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Swedish Match and Scandinavian Tobacco Merge to Form Giant Cigar Company

David Savona
Posted: October 4, 2010

(continued from page 1)

The makers of Macanudo and C.A.O. cigars have come together, creating one of the world’s largest cigar companies. Skandinavisk Holding A/S, headquartered in Søborg, Denmark, and Swedish Match AB of Stockholm, Sweden, have officially merged their cigar and tobacco operations, creating the new Scandinavian Tobacco Group, headquartered in Copenhagen, Denmark.

The new Scandinavian Tobacco Group is the second-largest producer of cigars in the world, making more than 2.5 billion cigars per year (115 million of them by hand), more than 1,650 tons of pipe tobacco and 2,100 tons of fine-cut tobacco. It has annual revenues of nearly 700 million euros ($1 billion), nearly 10,000 employees in 20 countries spread across the globe and production at 17 different sites. Combining such iconic brands as Macanudo, C.A.O. and Dunhill, the non-Cuban versions of Cohiba, La Gloria Cubana, Punch, Hoyo de Monterrey, Partagas, and many others under one organization, the new Scandinavian Tobacco Group claims some 30 percent of the U.S. premium cigar market. It also ranks second in size in the cigar world only to Imperial Tobacco Group PLC of Britain, parent company to Altadis, which controls brands such as Montecristo and H. Upmann and is the 50 percent owner of Cuban cigar monopoly Habanos S.A.

Anders Colding Friis, chief executive officer of Scandinavian Tobacco Group, was named chief executive officer of the new company. “After months of preparations, we are very pleased now to be able to start the integration of the two businesses,” said Friis. “The new Scandinavian Tobacco Group is a truly global company and we have an excellent basis in the combined brand portfolio to grow even further and increase profitability.”

General Cigar’s Dan Carr has been named president of global premium cigar operations, and will report directly to Friis.

The deal, which began in January with a letter of intent, closed on October 1, some four months later than expected.  The new Scandinavian Tobacco is 51 percent owned by Skandinavisk Holding and 49 percent owned by Swedish Match, and combines the cigar, pipe tobacco and fine-cut tobacco business of Scandinavian Tobacco Group with the tobacco assets of Swedish Match, including General Cigar Co., the company’s premium cigar unit, as well as its pipe tobacco and accessories businesses.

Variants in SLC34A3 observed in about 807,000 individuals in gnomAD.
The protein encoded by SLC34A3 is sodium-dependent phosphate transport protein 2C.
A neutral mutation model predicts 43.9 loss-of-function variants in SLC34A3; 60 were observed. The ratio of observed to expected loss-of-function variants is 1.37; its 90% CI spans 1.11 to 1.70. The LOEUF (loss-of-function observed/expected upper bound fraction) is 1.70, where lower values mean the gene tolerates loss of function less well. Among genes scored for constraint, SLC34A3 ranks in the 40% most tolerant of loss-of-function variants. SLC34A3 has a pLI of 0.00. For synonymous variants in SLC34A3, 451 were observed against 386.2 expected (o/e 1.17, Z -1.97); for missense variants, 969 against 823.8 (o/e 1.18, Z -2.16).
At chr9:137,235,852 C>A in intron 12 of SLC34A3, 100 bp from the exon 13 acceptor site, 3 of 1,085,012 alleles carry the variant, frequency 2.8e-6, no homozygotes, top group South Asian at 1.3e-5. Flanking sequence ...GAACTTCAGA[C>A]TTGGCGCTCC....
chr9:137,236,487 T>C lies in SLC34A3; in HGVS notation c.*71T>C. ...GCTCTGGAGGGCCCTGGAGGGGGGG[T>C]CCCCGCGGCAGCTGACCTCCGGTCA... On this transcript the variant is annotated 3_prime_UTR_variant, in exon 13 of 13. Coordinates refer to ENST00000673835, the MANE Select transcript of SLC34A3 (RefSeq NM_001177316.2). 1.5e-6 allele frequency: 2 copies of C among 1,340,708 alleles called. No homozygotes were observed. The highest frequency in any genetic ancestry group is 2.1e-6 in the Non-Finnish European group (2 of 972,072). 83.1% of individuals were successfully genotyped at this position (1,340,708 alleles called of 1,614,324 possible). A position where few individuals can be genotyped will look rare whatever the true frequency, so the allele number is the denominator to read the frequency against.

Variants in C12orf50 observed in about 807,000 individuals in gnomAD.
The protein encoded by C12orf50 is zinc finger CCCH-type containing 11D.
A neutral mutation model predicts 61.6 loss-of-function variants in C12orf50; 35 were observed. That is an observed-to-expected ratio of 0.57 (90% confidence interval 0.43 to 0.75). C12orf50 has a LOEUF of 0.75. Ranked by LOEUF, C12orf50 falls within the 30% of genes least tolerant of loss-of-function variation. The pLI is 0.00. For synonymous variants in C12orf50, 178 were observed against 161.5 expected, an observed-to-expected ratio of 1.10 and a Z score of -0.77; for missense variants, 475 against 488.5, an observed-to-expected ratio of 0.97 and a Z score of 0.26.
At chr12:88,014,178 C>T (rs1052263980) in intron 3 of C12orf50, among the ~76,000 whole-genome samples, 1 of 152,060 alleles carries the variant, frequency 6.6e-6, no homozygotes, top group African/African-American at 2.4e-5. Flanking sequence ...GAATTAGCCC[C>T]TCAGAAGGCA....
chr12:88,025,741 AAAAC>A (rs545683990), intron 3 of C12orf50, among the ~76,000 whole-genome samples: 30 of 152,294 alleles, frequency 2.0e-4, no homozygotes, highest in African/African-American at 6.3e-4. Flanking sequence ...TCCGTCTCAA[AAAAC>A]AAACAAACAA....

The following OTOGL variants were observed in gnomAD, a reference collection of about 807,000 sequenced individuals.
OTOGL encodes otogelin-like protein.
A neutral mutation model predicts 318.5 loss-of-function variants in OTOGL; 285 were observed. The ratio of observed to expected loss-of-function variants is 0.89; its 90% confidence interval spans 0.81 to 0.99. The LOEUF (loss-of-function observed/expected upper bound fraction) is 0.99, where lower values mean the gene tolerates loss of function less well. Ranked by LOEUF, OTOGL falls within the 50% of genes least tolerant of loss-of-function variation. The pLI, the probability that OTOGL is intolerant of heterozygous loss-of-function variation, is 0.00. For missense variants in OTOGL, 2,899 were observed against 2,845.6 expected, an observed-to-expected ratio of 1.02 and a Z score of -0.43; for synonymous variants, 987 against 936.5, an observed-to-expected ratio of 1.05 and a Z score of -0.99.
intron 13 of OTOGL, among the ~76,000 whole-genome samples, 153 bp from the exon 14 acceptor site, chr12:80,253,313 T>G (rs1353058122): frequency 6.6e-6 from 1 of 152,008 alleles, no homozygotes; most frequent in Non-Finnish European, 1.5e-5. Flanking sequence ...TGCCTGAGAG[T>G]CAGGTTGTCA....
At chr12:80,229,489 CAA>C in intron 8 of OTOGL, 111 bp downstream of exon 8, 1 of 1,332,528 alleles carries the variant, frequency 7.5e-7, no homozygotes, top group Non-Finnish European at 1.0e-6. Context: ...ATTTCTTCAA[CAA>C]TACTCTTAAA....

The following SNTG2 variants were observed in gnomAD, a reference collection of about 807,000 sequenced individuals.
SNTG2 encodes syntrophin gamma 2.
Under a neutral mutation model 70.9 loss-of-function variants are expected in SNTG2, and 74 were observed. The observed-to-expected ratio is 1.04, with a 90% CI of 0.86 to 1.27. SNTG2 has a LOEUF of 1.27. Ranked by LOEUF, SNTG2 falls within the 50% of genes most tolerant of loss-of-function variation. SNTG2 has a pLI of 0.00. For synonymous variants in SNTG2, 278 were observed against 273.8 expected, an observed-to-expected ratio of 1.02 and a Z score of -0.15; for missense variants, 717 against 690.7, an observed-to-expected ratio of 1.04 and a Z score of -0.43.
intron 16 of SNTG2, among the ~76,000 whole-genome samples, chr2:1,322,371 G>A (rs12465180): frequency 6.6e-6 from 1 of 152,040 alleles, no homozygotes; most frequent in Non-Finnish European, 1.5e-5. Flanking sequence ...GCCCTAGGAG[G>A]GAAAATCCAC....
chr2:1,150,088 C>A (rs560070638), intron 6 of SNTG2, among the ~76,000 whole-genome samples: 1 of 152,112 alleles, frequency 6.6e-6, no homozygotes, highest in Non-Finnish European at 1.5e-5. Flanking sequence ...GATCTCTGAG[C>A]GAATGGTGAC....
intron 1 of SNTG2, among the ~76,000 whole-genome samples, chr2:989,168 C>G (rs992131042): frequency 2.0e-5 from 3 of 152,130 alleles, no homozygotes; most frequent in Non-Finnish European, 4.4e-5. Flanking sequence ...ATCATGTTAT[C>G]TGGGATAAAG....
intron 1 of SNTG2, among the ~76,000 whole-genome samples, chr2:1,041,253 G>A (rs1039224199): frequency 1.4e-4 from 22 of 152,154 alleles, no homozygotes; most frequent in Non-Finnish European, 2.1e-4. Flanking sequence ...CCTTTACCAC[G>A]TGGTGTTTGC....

The deal includes Swedish Match’s Internet cigar retailer, Cigars International, but does not include the Stockholm company's U.S. mass-market cigar business. Swedish Match will receive about 30 million Euros ($41 million) in cash to compensate for difference in values between the merged assets.

The new company is the world’s No. 1 seller of pipe tobacco, according to Scandinavian Tobacco, with sales in more than 60 countries. Leading pipe tobacco brands include Erinmore, Borkum Riff, Clan, Half and Half, and W.Ø. Larsen. The new company’s machine-made cigar brands include Café Crème and Henri Wintermans.

Swedish Match has owned General Cigar since 2005, and El Credito Cigars (the former parent of La Gloria Cubana) since 1999. Scandinavian Tobacco acquired C.A.O. International Inc. from the Ozgener family in 2007.

Officials from General Cigar Co. had no further comment on the deal at this time. Look for much more information on the merger in the near future.

Note: an earlier version of this story erroneously referred to Cigars International as a unit of General Cigar. The company is a subsidiary of Swedish Match AB.

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Comments   1 comment(s)

Paul Johnson — MT PLEASANT, SC, UNITED STATES,  —  October 5, 2010 12:00pm ET

Lots of rumors circulating about whether or not (and how) CAO and General will merge at the corporate and/or distribution level. Has there been any official word? Personally I'd like to see CAO maintained as a separate entity. Consolidation can be good for business, but I think consumers win if there's more variety. There are already plenty of consumers who turn their noses up (justified or not) at the big brands to reach for the smaller producers), I'd hate to see yet another innovative brand lose its luster.


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